How Backwashing Filter Controls Work

by Gene Franks

Large tank-style water filters that have the ability to clean and renew their filter media bed are called backwashing filters.  Backwashing is the process by which water is run backward through the filter bed  from bottom to top, lifting and tumbling the media, rinsing away impurities and allowing the bed to resettle without channels created while the filter was in service.  After the backwash operation, the filter is rinsed by running water rapidly downward through the media bed and out the drain,  resettling and packing the bed before it is returned to service.

Although these simple functions of backwash followed by rinse are essentially the same regardless of the control mechanism that performs them, there is a surprising variety of filter control valve styles.  The table below shows the two most basic series of Fleck controls (5600 and 2510). Note that these are filter valves and that similar but different controls are required to run water softeners. Prices are Pure Water Products’ current filter prices and are given for cost comparison.


Fleck Filter Control Valve Prices


Fleck Control Valve

Current Price


Fleck 5600 Standard Timer


 Probably the most popular filter valve in the US.

Fleck 5600 SXT Timer


Fleck 5600 Metered SXT (softener and filter)


Fleck 5600 AIO Electronic Aerator Control


Fleck 2510 Manual Control


Fleck 2510 Standard Timer, without Cover


Cover: $31

Fleck 2510 SXT Timer, without Cover


Cover: $31

Fleck 2510 Metered SXT (softener and filter)


Cover: $31

Fleck 2510 AIO Electronic Aerator Control


Cover Included.


Here is a concise description of what these controls do, beginning with the most basic.

Fleck’s Simple 2510 Manual Control.  No Electricity Required. It Isn’t Sexy, But It’s Very Functional.


Fleck 2510 Manual.  This is the most basic of filter valves, yet in many situations it can be the best.  In spite of the low price, it’s a tough and durable piece of equipment.  The 2510 Manual is a  non-electric control that requires manual backwash and rinse.  It is, therefore, not practical if backwashing needs to be performed daily (as with many iron filters, for example), but for a clean city water application where chlorine removal is the main purpose, a monthly backwash is sufficient and performing it can be a 15-minute task.  The valve operates with a simple selection lever and has only three choices: Service (means the filter is in service, providing water for the home), backwash, and rinse.  Performing the backwash and rinse is like shifting gears in an car: pull the lever to backwash and let it run for five to ten minutes, pull it down to rinse for a couple of minutes, then return it to service.

Fleck 5600 Standard Timer Control.  America’s Most Popular Water Filter Controller

Standard Timer models are available in both 2510 and 5600. The 5600 timer is most most widely used filter control in the United States and is sold under the manufacturer’s name as well as many “private label” brands.  The user needs only select the days the filter will backwash (the most common format has a 12-Day-Clock) and set the time of day. On the 2510 model, the duration of backwash and rinse can also be changed in two-minute increments.  Regeneration times are preset but can be changed by lying to the timer about the time of day.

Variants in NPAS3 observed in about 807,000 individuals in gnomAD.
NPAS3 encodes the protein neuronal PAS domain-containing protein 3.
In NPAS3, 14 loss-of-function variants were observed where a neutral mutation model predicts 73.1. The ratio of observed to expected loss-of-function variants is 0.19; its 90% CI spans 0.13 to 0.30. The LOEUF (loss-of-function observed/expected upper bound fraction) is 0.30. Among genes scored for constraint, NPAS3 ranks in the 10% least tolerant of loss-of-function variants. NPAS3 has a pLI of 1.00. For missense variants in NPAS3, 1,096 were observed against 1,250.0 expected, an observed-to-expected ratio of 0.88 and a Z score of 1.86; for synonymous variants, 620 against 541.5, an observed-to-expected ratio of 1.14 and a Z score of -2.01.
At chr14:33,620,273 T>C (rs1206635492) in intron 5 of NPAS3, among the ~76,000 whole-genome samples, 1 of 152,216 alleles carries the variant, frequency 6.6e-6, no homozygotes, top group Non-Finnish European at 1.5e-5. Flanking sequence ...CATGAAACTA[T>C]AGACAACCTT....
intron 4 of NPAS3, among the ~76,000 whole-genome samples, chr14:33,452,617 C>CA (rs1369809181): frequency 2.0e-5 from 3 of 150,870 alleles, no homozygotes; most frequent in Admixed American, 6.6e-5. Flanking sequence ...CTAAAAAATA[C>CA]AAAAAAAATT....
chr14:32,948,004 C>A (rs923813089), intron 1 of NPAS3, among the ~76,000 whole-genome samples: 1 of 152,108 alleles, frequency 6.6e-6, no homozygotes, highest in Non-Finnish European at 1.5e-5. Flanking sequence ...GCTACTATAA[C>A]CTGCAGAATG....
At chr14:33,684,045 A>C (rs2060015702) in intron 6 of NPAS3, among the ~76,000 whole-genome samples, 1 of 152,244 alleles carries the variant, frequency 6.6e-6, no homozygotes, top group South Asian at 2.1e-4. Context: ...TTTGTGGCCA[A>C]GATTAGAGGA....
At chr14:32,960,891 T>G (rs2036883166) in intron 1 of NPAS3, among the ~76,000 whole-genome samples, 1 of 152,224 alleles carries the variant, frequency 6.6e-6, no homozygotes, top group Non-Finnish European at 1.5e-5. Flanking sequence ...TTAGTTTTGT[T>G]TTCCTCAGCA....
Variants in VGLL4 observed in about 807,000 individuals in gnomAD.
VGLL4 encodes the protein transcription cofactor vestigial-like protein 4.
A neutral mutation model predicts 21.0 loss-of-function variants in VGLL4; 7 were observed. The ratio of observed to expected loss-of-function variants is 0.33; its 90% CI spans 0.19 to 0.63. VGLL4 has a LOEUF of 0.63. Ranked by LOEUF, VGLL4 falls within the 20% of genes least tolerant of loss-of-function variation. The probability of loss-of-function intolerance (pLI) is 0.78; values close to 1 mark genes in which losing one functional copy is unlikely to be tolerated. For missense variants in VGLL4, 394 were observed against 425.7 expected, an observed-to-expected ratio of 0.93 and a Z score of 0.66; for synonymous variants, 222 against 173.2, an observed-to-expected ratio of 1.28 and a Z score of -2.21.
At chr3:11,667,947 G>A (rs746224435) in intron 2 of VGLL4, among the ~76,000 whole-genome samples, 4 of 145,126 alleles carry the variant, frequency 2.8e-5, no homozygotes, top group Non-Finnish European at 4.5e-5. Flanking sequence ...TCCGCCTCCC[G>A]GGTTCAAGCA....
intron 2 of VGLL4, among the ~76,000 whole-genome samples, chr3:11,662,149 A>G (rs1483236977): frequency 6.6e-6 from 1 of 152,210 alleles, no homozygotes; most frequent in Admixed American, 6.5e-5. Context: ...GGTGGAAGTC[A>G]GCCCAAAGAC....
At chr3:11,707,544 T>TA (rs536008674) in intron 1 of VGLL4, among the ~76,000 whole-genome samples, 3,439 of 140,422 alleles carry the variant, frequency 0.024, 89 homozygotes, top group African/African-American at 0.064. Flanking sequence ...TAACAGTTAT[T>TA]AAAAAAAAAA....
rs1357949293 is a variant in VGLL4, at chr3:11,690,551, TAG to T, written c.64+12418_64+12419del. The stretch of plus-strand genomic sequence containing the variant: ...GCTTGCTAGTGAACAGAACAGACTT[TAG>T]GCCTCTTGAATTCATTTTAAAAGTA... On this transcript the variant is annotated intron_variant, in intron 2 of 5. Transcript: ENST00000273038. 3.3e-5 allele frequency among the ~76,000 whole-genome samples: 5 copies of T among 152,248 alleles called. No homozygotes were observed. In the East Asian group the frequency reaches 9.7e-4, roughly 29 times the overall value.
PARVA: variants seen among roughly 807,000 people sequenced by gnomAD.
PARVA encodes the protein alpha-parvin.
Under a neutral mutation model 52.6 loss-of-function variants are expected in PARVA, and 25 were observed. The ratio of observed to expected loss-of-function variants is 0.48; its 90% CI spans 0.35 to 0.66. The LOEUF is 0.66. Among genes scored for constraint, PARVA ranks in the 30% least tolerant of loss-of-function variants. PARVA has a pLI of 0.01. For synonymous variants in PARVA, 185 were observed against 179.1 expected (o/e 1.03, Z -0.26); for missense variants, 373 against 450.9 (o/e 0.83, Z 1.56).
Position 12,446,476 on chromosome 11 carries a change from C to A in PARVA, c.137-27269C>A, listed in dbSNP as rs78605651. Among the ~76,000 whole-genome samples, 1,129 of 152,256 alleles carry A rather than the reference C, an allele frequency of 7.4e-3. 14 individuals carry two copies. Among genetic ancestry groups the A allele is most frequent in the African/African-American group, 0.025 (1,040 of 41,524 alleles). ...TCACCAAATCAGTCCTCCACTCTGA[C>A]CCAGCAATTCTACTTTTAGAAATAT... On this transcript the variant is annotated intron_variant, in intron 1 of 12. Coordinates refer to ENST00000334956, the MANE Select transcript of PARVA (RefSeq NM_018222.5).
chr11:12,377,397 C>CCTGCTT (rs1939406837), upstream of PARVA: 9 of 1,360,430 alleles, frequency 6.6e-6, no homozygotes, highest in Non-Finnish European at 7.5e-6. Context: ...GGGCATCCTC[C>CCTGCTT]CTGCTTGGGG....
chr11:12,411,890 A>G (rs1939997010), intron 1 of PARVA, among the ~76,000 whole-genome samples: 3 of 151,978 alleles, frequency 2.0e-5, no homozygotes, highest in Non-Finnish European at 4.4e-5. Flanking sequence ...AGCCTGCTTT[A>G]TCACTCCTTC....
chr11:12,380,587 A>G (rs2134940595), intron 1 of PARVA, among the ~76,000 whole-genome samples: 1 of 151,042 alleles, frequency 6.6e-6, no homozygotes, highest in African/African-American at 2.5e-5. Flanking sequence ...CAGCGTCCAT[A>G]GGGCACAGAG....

Fleck 5600 SXT Timer.  

SXT Timer. SXT controls feature a simple electronic face and allow easy programming of the basic functions of the filter. They have the advantage over the standard timer of much greater flexibility in setting up regeneration schedules and length of backwash and rinse. A simple 5600 timer, for example, has a pre-set backwash duration, but with the SXT unit the user can choose and easily change the duration of backwash and rinse or the time that they occur. If the power goes off, the user has only to reset the time of day: the computer remembers the programmed settings.

This control system counts time, not gallons used. The metered system below  keeps count of both time and gallons used.

Fleck 2510 Metered SXT Can Control a Filter or a Water Softener.  Shown without Protective Cover, which is sold separately.

SXT Meter Available in both 2510 and 5600 Formats.  This controller is much more frequently used to control water softeners than filters, but it can be easily adapted for use with a filter by simply shortening or turning off  functions like “brine draw” and “brine refill” that apply only to softeners. The control system offers much more programming variety.  A sediment filter, for example, could be set up to regenerate after every 1000 gallons of service water but to not allow more that 7 days to pass without  regeneration. This system offers more complexity than most filters need, but it works great where precise control of gallon usage is required.

Fleck 2510 AIO Control Valve with Environmental Cover. This is a specialty valve used only on “single tank aeration” filters.

Fleck AIO Electronic Timer Aerator Control.   Available in both 2510 and 5600 Formats.  The AIO is a specialty product designed specifically to control single tank aeration filters for iron and hydrogen sulfide treatment.  It is a very simple electronic timer that keeps time of day and days between regeneration.  Its uniqueness is that it is set up to draw air into the filter for oxidation of iron and hydrogen sulfide during the phase where a softener control would normally bring in water for the making of brine.  This is a very effective product with a limited application.  Programming is simple with only the time of day and the day of regeneration needing attention.

Go here for more information about backwashing filters.